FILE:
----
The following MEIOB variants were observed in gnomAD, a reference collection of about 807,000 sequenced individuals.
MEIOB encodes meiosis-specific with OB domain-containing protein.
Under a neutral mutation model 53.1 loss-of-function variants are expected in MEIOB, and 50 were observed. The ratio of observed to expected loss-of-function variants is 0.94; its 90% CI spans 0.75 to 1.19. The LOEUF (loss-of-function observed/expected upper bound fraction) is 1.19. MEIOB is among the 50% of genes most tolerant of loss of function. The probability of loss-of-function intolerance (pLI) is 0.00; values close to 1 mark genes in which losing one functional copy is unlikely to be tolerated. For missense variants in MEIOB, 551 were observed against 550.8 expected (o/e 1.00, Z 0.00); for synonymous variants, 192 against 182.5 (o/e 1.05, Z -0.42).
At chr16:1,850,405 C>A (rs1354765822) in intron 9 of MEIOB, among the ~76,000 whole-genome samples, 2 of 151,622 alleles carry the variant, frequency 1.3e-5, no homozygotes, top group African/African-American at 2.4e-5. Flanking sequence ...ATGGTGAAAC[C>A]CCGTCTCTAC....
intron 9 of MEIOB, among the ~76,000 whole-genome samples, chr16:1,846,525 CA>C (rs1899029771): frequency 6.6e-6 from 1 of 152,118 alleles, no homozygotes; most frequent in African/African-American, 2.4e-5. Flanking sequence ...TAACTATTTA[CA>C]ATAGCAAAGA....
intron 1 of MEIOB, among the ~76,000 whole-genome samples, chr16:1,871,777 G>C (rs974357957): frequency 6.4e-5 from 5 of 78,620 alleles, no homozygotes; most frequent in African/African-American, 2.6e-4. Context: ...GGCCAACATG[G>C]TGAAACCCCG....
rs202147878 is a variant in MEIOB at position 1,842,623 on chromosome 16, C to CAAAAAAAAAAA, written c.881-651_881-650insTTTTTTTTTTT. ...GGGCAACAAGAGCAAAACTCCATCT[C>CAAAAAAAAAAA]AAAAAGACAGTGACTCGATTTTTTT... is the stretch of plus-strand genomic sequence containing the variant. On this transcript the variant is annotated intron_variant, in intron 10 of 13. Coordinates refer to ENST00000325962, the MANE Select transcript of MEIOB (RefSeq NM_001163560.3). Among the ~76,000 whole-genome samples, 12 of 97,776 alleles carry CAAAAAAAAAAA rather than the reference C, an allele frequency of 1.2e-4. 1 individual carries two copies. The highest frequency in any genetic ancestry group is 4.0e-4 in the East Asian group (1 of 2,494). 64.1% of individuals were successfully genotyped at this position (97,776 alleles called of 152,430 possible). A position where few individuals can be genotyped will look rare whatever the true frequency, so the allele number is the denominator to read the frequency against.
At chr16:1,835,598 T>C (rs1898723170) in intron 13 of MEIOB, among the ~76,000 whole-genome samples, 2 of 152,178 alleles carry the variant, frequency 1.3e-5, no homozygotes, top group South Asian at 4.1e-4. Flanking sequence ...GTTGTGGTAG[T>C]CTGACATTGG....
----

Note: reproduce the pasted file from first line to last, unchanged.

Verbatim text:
The following MEIOB variants were observed in gnomAD, a reference collection of about 807,000 sequenced individuals.
MEIOB encodes meiosis-specific with OB domain-containing protein.
Under a neutral mutation model 53.1 loss-of-function variants are expected in MEIOB, and 50 were observed. The ratio of observed to expected loss-of-function variants is 0.94; its 90% CI spans 0.75 to 1.19. The LOEUF (loss-of-function observed/expected upper bound fraction) is 1.19. MEIOB is among the 50% of genes most tolerant of loss of function. The probability of loss-of-function intolerance (pLI) is 0.00; values close to 1 mark genes in which losing one functional copy is unlikely to be tolerated. For missense variants in MEIOB, 551 were observed against 550.8 expected (o/e 1.00, Z 0.00); for synonymous variants, 192 against 182.5 (o/e 1.05, Z -0.42).
At chr16:1,850,405 C>A (rs1354765822) in intron 9 of MEIOB, among the ~76,000 whole-genome samples, 2 of 151,622 alleles carry the variant, frequency 1.3e-5, no homozygotes, top group African/African-American at 2.4e-5. Flanking sequence ...ATGGTGAAAC[C>A]CCGTCTCTAC....
intron 9 of MEIOB, among the ~76,000 whole-genome samples, chr16:1,846,525 CA>C (rs1899029771): frequency 6.6e-6 from 1 of 152,118 alleles, no homozygotes; most frequent in African/African-American, 2.4e-5. Flanking sequence ...TAACTATTTA[CA>C]ATAGCAAAGA....
intron 1 of MEIOB, among the ~76,000 whole-genome samples, chr16:1,871,777 G>C (rs974357957): frequency 6.4e-5 from 5 of 78,620 alleles, no homozygotes; most frequent in African/African-American, 2.6e-4. Context: ...GGCCAACATG[G>C]TGAAACCCCG....
rs202147878 is a variant in MEIOB at position 1,842,623 on chromosome 16, C to CAAAAAAAAAAA, written c.881-651_881-650insTTTTTTTTTTT. ...GGGCAACAAGAGCAAAACTCCATCT[C>CAAAAAAAAAAA]AAAAAGACAGTGACTCGATTTTTTT... is the stretch of plus-strand genomic sequence containing the variant. On this transcript the variant is annotated intron_variant, in intron 10 of 13. Coordinates refer to ENST00000325962, the MANE Select transcript of MEIOB (RefSeq NM_001163560.3). Among the ~76,000 whole-genome samples, 12 of 97,776 alleles carry CAAAAAAAAAAA rather than the reference C, an allele frequency of 1.2e-4. 1 individual carries two copies. The highest frequency in any genetic ancestry group is 4.0e-4 in the East Asian group (1 of 2,494). 64.1% of individuals were successfully genotyped at this position (97,776 alleles called of 152,430 possible). A position where few individuals can be genotyped will look rare whatever the true frequency, so the allele number is the denominator to read the frequency against.
At chr16:1,835,598 T>C (rs1898723170) in intron 13 of MEIOB, among the ~76,000 whole-genome samples, 2 of 152,178 alleles carry the variant, frequency 1.3e-5, no homozygotes, top group South Asian at 4.1e-4. Flanking sequence ...GTTGTGGTAG[T>C]CTGACATTGG....